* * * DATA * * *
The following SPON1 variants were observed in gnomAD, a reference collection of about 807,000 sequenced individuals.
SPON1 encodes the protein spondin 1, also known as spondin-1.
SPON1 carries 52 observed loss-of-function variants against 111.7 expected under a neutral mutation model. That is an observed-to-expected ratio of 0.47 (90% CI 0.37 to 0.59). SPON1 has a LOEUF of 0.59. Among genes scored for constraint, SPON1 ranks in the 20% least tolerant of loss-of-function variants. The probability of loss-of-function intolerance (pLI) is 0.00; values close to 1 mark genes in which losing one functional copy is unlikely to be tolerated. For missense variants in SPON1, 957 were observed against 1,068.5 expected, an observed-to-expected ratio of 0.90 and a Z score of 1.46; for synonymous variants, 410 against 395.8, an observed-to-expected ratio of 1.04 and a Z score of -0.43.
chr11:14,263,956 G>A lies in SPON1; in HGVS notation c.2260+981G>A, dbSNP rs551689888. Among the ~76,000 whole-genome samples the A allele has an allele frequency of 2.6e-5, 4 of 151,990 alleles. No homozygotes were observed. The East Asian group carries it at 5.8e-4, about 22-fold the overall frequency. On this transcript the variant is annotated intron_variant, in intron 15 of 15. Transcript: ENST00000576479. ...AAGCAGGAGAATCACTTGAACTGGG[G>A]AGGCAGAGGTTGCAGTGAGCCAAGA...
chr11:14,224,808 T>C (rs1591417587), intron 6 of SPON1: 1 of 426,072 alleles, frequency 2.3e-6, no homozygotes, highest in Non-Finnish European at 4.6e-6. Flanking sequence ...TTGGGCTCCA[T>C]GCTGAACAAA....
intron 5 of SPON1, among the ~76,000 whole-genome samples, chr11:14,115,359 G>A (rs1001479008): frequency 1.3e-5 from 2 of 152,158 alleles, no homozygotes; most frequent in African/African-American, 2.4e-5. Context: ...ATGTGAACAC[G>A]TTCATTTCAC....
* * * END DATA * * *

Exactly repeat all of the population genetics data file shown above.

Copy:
The following SPON1 variants were observed in gnomAD, a reference collection of about 807,000 sequenced individuals.
SPON1 encodes the protein spondin 1, also known as spondin-1.
SPON1 carries 52 observed loss-of-function variants against 111.7 expected under a neutral mutation model. That is an observed-to-expected ratio of 0.47 (90% CI 0.37 to 0.59). SPON1 has a LOEUF of 0.59. Among genes scored for constraint, SPON1 ranks in the 20% least tolerant of loss-of-function variants. The probability of loss-of-function intolerance (pLI) is 0.00; values close to 1 mark genes in which losing one functional copy is unlikely to be tolerated. For missense variants in SPON1, 957 were observed against 1,068.5 expected, an observed-to-expected ratio of 0.90 and a Z score of 1.46; for synonymous variants, 410 against 395.8, an observed-to-expected ratio of 1.04 and a Z score of -0.43.
chr11:14,263,956 G>A lies in SPON1; in HGVS notation c.2260+981G>A, dbSNP rs551689888. Among the ~76,000 whole-genome samples the A allele has an allele frequency of 2.6e-5, 4 of 151,990 alleles. No homozygotes were observed. The East Asian group carries it at 5.8e-4, about 22-fold the overall frequency. On this transcript the variant is annotated intron_variant, in intron 15 of 15. Transcript: ENST00000576479. ...AAGCAGGAGAATCACTTGAACTGGG[G>A]AGGCAGAGGTTGCAGTGAGCCAAGA...
chr11:14,224,808 T>C (rs1591417587), intron 6 of SPON1: 1 of 426,072 alleles, frequency 2.3e-6, no homozygotes, highest in Non-Finnish European at 4.6e-6. Flanking sequence ...TTGGGCTCCA[T>C]GCTGAACAAA....
intron 5 of SPON1, among the ~76,000 whole-genome samples, chr11:14,115,359 G>A (rs1001479008): frequency 1.3e-5 from 2 of 152,158 alleles, no homozygotes; most frequent in African/African-American, 2.4e-5. Context: ...ATGTGAACAC[G>A]TTCATTTCAC....